I have been fixing up a few pinch joints on my vehicle the past few months that sound similar to what you want to do.
NOTE: Please understand that I am a complete novice in bodywork. THis is my first restoration and I am learning as I go. Here is the method that works for me:
I first drill out the spot welds using a spot weld cutter in order to seperate the pinch joint. Then I strip any paint or debris to get a good look at what is rotted. Next, I grind away any excessive rust to get an even better idea of how much corrosion is really there. I mark the area that needs to be replaced. I do NOT cut anything out yet. I begin with a flat piece of sheet metal. I cut it to a basic shape of the rotted area plus an inch or so over on all sides including about an inch overhang over the edge of the pinch joint. Then I start to form it to the curvature of the panel/pinch area. I found that just laying the new patch panel over the existing area and carefully working it with a pair of vise grip clamps quickly conforms it to the exact shape of the existing panel (I wouldn't suggest this for large patch panels but it works great on small shapes). Keep in mind, that if I was to cut out the existing rotted out section I wouldn't be able to shape this patch panel as easily.
When I finally have my patch panel conformed to the body curvature. I then place it over the panel and trace a line around it with a Sharpie marker. Then I remove the patch piece and cut on the inside of my line. Finally I install the patch piece and do any final fitup by filing down the patch piece to get it to fit nice and tight. I still let my patch piece extend past the inch past the pinch joint, this helps with welding. I find that it helps prevent blowthrough when you do that tack right at the edge of the pinch joint. I spot weld the patch panel in and then weld it up between each spot weld, carefully letting each weld cool down before I continue on. Then I grind the weld down smooth being carefull to only grind the weld bead and not the new steel around the bead. After I have the piece welded in and ground smooth, I cut or grind the overhang off such that it matches the pinch joint.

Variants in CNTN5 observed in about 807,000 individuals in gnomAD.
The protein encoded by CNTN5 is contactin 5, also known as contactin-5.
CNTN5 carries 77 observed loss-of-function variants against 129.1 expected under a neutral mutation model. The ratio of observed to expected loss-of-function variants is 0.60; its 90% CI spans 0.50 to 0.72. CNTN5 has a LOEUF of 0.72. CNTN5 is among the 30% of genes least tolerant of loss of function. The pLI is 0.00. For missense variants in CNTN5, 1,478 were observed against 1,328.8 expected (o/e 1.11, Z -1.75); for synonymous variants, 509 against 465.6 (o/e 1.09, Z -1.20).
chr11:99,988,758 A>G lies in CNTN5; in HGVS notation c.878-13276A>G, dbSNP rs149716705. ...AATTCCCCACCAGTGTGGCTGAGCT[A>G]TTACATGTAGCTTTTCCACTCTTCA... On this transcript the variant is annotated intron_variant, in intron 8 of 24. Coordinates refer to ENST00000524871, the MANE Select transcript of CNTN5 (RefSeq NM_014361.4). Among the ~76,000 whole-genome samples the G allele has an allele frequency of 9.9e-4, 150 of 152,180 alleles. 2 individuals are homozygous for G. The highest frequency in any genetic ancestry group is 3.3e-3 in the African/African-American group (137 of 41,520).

I've had a couple situations in which I had to replace multiple layers of the pinch joint. I use the procedure above to make the top layer of the pinch joint except I stop at the point of welding. Then I start over again with the next layer, then the next, etc, etc. Once I have all layers fabbed up, I weld them up from the innermost on out. you just need to make sure that your top patch piece is larger than any rot in the innermost layers of the pinch joint.
I have learned the hard way to never completely cut out the rotted area until you have your patch panels already formed, trimmed, and test fitted.